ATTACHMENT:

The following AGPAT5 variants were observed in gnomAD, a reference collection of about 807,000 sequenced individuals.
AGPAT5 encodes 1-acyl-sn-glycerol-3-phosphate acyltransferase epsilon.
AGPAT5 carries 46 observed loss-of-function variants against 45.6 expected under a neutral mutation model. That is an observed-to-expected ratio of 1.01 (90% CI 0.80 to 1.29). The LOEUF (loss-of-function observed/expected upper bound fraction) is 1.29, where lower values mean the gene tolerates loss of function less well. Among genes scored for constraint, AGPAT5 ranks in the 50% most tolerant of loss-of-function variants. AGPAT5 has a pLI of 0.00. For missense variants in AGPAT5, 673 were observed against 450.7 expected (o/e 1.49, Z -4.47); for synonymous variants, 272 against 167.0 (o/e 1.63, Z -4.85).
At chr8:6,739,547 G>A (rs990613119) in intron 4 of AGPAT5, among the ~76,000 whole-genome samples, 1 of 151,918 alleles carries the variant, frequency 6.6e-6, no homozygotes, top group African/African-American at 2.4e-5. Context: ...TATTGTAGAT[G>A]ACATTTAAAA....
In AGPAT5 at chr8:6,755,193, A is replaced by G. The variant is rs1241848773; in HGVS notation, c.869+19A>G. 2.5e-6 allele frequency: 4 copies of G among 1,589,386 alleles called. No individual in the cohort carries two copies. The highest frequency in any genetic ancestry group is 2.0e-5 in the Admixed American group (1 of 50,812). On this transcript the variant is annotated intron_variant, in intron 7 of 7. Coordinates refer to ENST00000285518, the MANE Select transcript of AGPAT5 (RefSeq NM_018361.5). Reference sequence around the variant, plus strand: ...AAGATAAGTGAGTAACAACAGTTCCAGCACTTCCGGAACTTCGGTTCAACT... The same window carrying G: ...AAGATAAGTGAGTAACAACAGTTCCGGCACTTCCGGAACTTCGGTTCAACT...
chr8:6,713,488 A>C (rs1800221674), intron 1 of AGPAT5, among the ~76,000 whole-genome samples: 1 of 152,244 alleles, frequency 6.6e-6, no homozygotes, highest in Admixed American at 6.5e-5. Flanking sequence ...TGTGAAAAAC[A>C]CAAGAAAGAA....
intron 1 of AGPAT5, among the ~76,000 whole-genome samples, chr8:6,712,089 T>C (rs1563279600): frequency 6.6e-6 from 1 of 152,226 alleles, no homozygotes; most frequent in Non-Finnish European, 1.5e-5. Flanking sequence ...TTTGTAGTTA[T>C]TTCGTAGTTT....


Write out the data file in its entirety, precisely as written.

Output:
The following AGPAT5 variants were observed in gnomAD, a reference collection of about 807,000 sequenced individuals.
AGPAT5 encodes 1-acyl-sn-glycerol-3-phosphate acyltransferase epsilon.
AGPAT5 carries 46 observed loss-of-function variants against 45.6 expected under a neutral mutation model. That is an observed-to-expected ratio of 1.01 (90% CI 0.80 to 1.29). The LOEUF (loss-of-function observed/expected upper bound fraction) is 1.29, where lower values mean the gene tolerates loss of function less well. Among genes scored for constraint, AGPAT5 ranks in the 50% most tolerant of loss-of-function variants. AGPAT5 has a pLI of 0.00. For missense variants in AGPAT5, 673 were observed against 450.7 expected (o/e 1.49, Z -4.47); for synonymous variants, 272 against 167.0 (o/e 1.63, Z -4.85).
At chr8:6,739,547 G>A (rs990613119) in intron 4 of AGPAT5, among the ~76,000 whole-genome samples, 1 of 151,918 alleles carries the variant, frequency 6.6e-6, no homozygotes, top group African/African-American at 2.4e-5. Context: ...TATTGTAGAT[G>A]ACATTTAAAA....
In AGPAT5 at chr8:6,755,193, A is replaced by G. The variant is rs1241848773; in HGVS notation, c.869+19A>G. 2.5e-6 allele frequency: 4 copies of G among 1,589,386 alleles called. No individual in the cohort carries two copies. The highest frequency in any genetic ancestry group is 2.0e-5 in the Admixed American group (1 of 50,812). On this transcript the variant is annotated intron_variant, in intron 7 of 7. Coordinates refer to ENST00000285518, the MANE Select transcript of AGPAT5 (RefSeq NM_018361.5). Reference sequence around the variant, plus strand: ...AAGATAAGTGAGTAACAACAGTTCCAGCACTTCCGGAACTTCGGTTCAACT... The same window carrying G: ...AAGATAAGTGAGTAACAACAGTTCCGGCACTTCCGGAACTTCGGTTCAACT...
chr8:6,713,488 A>C (rs1800221674), intron 1 of AGPAT5, among the ~76,000 whole-genome samples: 1 of 152,244 alleles, frequency 6.6e-6, no homozygotes, highest in Admixed American at 6.5e-5. Flanking sequence ...TGTGAAAAAC[A>C]CAAGAAAGAA....
intron 1 of AGPAT5, among the ~76,000 whole-genome samples, chr8:6,712,089 T>C (rs1563279600): frequency 6.6e-6 from 1 of 152,226 alleles, no homozygotes; most frequent in Non-Finnish European, 1.5e-5. Flanking sequence ...TTTGTAGTTA[T>C]TTCGTAGTTT....